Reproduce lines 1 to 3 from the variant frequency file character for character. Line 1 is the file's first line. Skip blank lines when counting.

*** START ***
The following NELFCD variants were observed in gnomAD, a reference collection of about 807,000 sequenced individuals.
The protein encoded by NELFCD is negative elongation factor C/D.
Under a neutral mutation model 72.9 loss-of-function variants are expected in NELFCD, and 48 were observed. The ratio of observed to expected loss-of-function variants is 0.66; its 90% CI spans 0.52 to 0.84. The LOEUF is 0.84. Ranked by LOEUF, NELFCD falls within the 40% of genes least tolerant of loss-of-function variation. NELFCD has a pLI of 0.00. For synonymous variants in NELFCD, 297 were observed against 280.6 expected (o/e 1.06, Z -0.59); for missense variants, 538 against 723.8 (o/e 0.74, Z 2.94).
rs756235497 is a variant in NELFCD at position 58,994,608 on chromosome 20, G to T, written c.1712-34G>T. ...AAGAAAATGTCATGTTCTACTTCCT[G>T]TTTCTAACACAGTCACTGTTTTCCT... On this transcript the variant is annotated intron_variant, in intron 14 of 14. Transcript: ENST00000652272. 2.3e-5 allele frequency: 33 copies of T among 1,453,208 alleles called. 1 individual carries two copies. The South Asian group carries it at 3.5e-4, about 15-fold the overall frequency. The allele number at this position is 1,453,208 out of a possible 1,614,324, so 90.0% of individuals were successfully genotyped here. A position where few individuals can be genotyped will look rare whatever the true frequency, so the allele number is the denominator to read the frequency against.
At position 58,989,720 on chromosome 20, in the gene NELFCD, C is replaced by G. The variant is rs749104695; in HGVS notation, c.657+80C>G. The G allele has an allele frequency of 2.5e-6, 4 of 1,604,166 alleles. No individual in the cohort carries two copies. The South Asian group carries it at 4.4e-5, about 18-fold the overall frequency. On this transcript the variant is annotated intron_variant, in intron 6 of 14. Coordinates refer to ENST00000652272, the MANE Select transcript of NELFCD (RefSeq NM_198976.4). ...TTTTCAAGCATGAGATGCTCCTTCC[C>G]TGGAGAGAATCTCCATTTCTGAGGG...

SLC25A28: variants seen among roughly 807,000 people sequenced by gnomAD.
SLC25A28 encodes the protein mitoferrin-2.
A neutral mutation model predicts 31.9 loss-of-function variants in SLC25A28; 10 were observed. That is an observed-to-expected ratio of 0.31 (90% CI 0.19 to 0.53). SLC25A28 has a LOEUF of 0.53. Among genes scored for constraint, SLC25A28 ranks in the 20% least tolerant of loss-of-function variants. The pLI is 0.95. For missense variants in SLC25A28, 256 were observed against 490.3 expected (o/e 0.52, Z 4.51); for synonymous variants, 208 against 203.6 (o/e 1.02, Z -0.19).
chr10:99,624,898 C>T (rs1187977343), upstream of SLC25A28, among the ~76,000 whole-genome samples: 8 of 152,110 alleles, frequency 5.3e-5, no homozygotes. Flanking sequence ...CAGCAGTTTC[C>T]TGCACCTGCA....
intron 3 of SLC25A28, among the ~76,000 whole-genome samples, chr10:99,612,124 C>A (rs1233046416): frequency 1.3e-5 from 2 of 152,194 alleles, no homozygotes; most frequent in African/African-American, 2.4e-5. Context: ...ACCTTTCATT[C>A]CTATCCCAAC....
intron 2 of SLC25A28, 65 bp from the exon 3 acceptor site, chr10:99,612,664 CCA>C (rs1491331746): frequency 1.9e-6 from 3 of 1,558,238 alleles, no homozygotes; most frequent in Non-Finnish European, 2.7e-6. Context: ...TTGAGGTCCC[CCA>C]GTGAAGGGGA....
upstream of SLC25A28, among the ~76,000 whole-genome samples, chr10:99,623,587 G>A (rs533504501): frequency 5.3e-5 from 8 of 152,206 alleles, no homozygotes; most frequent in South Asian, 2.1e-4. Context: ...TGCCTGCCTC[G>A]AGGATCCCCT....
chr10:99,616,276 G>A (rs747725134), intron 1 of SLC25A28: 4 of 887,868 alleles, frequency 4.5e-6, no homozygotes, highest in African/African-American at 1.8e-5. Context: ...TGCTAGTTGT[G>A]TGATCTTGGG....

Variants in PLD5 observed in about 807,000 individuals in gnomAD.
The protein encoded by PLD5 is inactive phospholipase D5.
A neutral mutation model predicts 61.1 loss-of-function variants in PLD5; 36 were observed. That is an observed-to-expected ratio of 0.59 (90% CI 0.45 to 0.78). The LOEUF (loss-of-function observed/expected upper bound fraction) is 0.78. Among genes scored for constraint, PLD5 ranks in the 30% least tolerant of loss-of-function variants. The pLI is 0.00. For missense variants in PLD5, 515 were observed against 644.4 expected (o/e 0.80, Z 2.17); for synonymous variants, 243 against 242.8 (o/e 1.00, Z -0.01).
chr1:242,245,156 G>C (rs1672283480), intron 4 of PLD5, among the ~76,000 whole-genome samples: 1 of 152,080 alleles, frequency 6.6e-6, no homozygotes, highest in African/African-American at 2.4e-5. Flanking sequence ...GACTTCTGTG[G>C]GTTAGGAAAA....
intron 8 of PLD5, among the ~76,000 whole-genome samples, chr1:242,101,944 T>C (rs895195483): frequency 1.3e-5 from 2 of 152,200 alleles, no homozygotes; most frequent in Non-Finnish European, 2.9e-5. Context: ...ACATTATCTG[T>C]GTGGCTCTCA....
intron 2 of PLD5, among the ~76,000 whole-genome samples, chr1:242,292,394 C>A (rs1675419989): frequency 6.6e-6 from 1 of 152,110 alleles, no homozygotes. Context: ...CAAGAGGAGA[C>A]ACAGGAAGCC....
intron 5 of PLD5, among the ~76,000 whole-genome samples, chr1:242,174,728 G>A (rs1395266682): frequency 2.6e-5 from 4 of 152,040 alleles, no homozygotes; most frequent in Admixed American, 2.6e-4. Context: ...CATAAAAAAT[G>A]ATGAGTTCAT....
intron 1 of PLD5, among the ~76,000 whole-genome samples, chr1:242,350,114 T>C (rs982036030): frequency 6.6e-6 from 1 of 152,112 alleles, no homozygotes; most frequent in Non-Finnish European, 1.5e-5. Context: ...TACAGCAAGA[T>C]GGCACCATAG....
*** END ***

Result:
The following NELFCD variants were observed in gnomAD, a reference collection of about 807,000 sequenced individuals.
The protein encoded by NELFCD is negative elongation factor C/D.
Under a neutral mutation model 72.9 loss-of-function variants are expected in NELFCD, and 48 were observed. The ratio of observed to expected loss-of-function variants is 0.66; its 90% CI spans 0.52 to 0.84. The LOEUF is 0.84. Ranked by LOEUF, NELFCD falls within the 40% of genes least tolerant of loss-of-function variation. NELFCD has a pLI of 0.00. For synonymous variants in NELFCD, 297 were observed against 280.6 expected (o/e 1.06, Z -0.59); for missense variants, 538 against 723.8 (o/e 0.74, Z 2.94).